Archive for November 26, 2018

Monday, November 26, 2018

Apple Emoji Turns 10

Jeremy Burge:

When entering the Japanese market in 2008, one key area of focus for Apple was including emoji support on the newly released iPhone 3G.

This emoji support came in the form of a software update known as iPhone OS 2.2 (iPhone OS is what is now known as iOS) that was released globally, although the emoji keyboard was restricted to the Japanese market only.


At the time emoji support was first implemented, this was done in a way that was compatible with SoftBank (Apple’s iPhone release partner in Japan), but emoji support had yet to come to Unicode which would make the characters universally interchangable between devices, carriers and software platforms for the first time.

Jeremy Burge:

The font on iOS (nee iPhone OS) that includes all the emoji characters is called Apple Color Emoji and it has been around in various forms since 2008.

Originally containing 471 emojis for the Japanese market only, many of these original designs still largely resemble their modern counterparts.

See also: Swift Tricks: Emoji Flags.

Previously: Former Apple Intern Looks Back at Designing First Apple Emoji in 2008, Apple Color Emoji.

Thank You, Katie Floyd

Katie Floyd (via Jeff Perry, MPU):

After nine years and more than 450 episodes, the time has come for me to say goodbye to Mac Power Users.

Never in my wildest dreams could I have imagined the success of this podcast or the opportunities it would create. I would not be where I am today, personally or professionally, without this show. I owe a debt of gratitude to our sponsors, listeners, and most of all, to my co-host David Sparks. You have lived with me through life, loss, new homes, careers, and nearly every other significant milestone. Throughout it all, MPU has been there.


As I close out the show, I’m going to take the opportunity also to step away from my online presence. Some of you may have noticed I have already started this process by backing away from social media and my website. I want to assure you that all is well. As much as I have enjoyed spending the previous nine years with all of you, I’ve never really been comfortable living so much of my life online. I’ve got some exciting things happening in my offline life, and it’s time for me to turn my attention to other things.

I will miss hearing her perspectives on the show, as I already do on her blog.

Stephen Hackett:

Katie is leaving big shoes to fill, and it’s why I was deeply humbled when David asked me to step in as his new cohost. I am beyond thrilled to announce that I will be taking up the mantle on Mac Power Users starting in January.

Do the iPhone XS and XR Screens Scratch Less?

John Gruber:

Apple describes the glass (front and back) on the iPhone XS as “the most durable glass ever in a smartphone”. I asked, and according to Apple, this means both crack and scratch resistance.

Marco Arment:

My iPhone X had the most scratch-prone screen I’ve ever had on a portable device.

My iPhone XS has zero scratches so far, and seems much more like pre-X iPhones in that regard.

Evgeny Cherpak:

I owned two X iPhones, first one was very scratch prone m, current one no so much. Is it possible they have multiple glass suppliers and some not as good as others. That would mean we have a lottery just like with intel modems but without ability to identify it.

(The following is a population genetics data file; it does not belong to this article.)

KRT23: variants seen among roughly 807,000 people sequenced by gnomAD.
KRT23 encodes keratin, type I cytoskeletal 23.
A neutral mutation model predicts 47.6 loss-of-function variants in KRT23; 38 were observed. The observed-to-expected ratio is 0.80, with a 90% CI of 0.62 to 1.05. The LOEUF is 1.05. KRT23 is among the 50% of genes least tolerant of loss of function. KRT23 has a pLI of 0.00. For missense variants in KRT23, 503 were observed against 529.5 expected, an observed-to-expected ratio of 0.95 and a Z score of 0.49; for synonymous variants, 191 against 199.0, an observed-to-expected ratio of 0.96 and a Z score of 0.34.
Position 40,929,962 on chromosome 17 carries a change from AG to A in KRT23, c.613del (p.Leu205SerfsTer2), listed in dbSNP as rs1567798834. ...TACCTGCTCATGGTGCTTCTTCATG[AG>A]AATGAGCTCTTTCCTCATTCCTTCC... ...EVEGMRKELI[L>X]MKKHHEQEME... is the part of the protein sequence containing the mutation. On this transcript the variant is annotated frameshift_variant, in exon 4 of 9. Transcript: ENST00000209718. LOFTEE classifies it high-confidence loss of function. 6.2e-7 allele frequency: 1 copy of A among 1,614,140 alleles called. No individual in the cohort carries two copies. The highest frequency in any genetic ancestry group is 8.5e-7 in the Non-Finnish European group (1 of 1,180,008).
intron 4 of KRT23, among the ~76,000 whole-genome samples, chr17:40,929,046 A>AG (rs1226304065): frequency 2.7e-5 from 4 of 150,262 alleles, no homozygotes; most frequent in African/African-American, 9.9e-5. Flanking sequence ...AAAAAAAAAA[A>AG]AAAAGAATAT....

Joe Fabisevich:

Is it just me or is the iPhone XS much more scratchable than previous iPhones?

Hunter Maximillion Monk:

I got two huge scratches after having it for maybe 3 days. Always kept in pocket alone, never dropped

Felix Lapalme:

AFAIK it’s as scratchable as the X (very) to make it less prone to shattering

Pratik Jain:

Apple switched the coating applied since the X for OLED Screens which causes the scratch hell.

Previously: The iPhone XS and Its Camera, Scratched iPhone 8 and iPhone X Screens.

USPS Site Exposed Data on 60 Million Users

Brian Krebs:

U.S. Postal Service just fixed a security weakness that allowed anyone who has an account at to view account details for some 60 million other users, and in some cases to modify account details on their behalf.

KrebsOnSecurity was contacted last week by a researcher who discovered the problem, but who asked to remain anonymous. The researcher said he informed the USPS about his finding more than a year ago yet never received a response. After confirming his findings, this author contacted the USPS, which promptly addressed the issue.


In addition to exposing near real-time data about packages and mail being sent by USPS commercial customers, the flaw let any logged-in user query the system for account details belonging to any other users, such as email address, username, user ID, account number, street address, phone number, authorized users, mailing campaign data and other information.

Amazon Admits It Exposed Customer E-mail Addresses

Zack Whittaker and Josh Constine (via Hacker News):

Amazon emailed users Tuesday, warning them that it exposed an unknown number of customer email addresses after a “technical error” on its website.


Amazon’s vague and non-specific email also sparked criticism from users — including security experts — who accused the company of withholding information. Some said that the correspondence looked like a phishing email, used to trick customers into turning over account information.


Amazon, as a Washington-based company, is required to inform the state attorney general of data incidents involving 500 state residents or more. Yet, in Europe, where data protection rules are stronger — even in the wake of the recently introduced General Data Protection Regulation (GDPR) — it’s less clear if Amazon needs to disclose the incident.